Author(s): Caitlin Doughty
A girl always remembers the first corpse she shaves. It is the only event in her life more awkward than her first kiss or losing her virginity. The hands of time will never move quite so slowly as when you are standing over the dead body of an elderly man with a pink plastic razor in your hand. From her very first day at Westwind Cremation & Burial, twenty-three-year-old Caitlin Doughty threw herself into the gruesome daily tasks of her curious new profession. From caring for bodies of all shapes and sizes, picking up corpses from the hospital morgue, sweeping ashes from the cremation machines (sometimes onto her clothes) and learning to deal with mourning families, Caitlin comes face to face with the very thing we go to great lengths to avoid thinking about - death. But as she started to wonder about the lives of those she cremated, and found herself confounded by people's erratic reactions to death, Caitlin's feelings began to evolve in unexpected ways. Now a licensed mortician, Caitlin tells the story of her fumbling apprenticeship with the dead. Exploring our death rituals - and those of other cultures - she pleads the case for healthier attitudes around death and dying. Full of bizarre encounters, gallows humour and vivid characters (both living and very dead), this eye-opening account makes this otherwise terrifying subject urgent and fascinating.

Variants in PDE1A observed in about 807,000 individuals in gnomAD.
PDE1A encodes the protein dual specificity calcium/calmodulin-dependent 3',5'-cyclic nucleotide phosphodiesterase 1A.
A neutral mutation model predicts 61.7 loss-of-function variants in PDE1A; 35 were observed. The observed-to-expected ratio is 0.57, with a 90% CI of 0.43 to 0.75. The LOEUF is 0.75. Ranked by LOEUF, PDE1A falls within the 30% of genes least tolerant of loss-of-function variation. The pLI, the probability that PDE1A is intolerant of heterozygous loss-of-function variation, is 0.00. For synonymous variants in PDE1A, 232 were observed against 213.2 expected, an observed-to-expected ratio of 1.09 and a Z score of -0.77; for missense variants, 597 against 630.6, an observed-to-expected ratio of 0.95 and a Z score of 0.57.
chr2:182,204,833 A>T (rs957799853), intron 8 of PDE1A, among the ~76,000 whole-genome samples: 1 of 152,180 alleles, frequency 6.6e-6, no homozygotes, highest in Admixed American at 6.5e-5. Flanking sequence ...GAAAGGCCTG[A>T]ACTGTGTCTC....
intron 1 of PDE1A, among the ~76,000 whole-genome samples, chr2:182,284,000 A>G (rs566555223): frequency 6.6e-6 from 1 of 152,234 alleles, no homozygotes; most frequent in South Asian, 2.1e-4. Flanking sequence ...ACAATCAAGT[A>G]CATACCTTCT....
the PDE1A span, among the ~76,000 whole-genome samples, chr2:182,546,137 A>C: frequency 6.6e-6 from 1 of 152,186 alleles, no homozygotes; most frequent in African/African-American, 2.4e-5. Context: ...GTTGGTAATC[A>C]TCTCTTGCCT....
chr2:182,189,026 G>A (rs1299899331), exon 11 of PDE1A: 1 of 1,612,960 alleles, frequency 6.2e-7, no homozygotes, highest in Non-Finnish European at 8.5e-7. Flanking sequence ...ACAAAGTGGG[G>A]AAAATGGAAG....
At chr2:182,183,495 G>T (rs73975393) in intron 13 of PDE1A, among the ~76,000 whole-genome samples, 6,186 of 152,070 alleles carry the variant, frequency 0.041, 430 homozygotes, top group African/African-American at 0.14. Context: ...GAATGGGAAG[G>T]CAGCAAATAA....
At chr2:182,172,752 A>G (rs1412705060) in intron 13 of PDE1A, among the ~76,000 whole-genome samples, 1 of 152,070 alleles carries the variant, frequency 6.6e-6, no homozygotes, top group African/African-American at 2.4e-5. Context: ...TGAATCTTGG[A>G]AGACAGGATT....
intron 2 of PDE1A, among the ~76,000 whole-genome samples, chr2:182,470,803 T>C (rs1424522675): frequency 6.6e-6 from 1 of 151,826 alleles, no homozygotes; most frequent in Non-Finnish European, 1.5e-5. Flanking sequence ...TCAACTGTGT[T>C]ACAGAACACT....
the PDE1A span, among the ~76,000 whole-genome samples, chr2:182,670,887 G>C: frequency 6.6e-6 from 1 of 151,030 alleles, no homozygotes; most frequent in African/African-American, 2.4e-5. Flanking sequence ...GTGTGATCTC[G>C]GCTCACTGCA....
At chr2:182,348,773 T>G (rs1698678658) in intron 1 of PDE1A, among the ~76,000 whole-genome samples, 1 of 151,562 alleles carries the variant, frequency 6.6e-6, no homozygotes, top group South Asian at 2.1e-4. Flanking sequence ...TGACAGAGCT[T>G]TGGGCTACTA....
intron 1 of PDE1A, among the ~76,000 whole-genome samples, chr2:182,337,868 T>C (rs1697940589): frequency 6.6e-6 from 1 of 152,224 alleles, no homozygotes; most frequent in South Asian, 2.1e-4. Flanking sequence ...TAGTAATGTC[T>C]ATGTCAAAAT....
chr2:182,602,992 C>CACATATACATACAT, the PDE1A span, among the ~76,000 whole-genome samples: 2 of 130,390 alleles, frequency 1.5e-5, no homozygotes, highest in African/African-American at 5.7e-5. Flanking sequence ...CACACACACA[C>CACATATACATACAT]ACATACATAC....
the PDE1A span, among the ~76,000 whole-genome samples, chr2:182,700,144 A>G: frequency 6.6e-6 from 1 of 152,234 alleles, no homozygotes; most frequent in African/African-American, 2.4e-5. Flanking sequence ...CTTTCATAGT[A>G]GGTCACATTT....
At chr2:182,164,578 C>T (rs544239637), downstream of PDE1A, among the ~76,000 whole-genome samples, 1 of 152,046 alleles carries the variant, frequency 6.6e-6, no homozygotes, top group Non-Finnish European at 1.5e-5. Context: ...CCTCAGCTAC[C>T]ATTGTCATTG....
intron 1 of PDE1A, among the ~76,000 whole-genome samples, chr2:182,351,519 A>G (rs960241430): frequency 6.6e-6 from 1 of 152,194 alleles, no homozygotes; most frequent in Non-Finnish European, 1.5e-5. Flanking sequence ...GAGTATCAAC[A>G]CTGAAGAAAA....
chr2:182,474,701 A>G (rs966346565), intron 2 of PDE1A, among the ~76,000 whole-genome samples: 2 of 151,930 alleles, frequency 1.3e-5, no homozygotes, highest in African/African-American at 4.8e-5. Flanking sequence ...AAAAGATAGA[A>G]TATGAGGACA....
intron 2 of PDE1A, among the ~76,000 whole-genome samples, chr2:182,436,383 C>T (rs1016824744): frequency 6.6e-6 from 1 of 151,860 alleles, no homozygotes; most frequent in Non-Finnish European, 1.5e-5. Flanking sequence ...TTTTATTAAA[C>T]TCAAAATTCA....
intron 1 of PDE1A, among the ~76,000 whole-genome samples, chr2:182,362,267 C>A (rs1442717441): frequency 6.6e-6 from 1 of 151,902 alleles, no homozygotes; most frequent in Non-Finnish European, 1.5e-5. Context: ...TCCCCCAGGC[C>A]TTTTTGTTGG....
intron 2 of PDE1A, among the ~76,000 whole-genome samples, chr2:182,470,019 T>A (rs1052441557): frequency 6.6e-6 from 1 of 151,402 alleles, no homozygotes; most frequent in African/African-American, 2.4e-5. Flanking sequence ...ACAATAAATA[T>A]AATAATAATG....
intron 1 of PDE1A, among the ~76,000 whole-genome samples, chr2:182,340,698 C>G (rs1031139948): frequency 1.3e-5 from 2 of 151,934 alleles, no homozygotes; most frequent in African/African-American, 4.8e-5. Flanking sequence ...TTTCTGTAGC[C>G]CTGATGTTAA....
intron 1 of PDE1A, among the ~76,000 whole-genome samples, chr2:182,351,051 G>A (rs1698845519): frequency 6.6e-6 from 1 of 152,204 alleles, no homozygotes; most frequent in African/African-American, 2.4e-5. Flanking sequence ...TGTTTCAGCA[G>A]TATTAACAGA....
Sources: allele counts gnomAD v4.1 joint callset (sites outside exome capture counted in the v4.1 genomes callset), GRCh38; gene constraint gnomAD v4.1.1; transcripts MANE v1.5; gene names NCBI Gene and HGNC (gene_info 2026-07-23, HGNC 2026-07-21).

A fascinating look at the funeral industry and an exploration of how we deal with death and our dead from a young feisty, funny and fearless mortician
* America's (kinda dark) sweetheart Huffington Post * [Doughty's] sincere, hilarious, and perhaps life-altering memoir is a must-read for anyone who plans on dying Booklist * Strange and funny. It may well blow your mind wide open Flavorwire * Demonically funny dispatches O Magazine
Caitlin Doughty was born and raised in Hawaii. She moved to California after gaining a degree in Medieval History from the University of Chicago. She is now a licensed funeral director living and working in LA. She is also a writer, performer and film-maker and is the creator of 'The Order of the Good Death', an online community of artists, actors, poets, musicians and directors who are committed to staring down their death fears through art.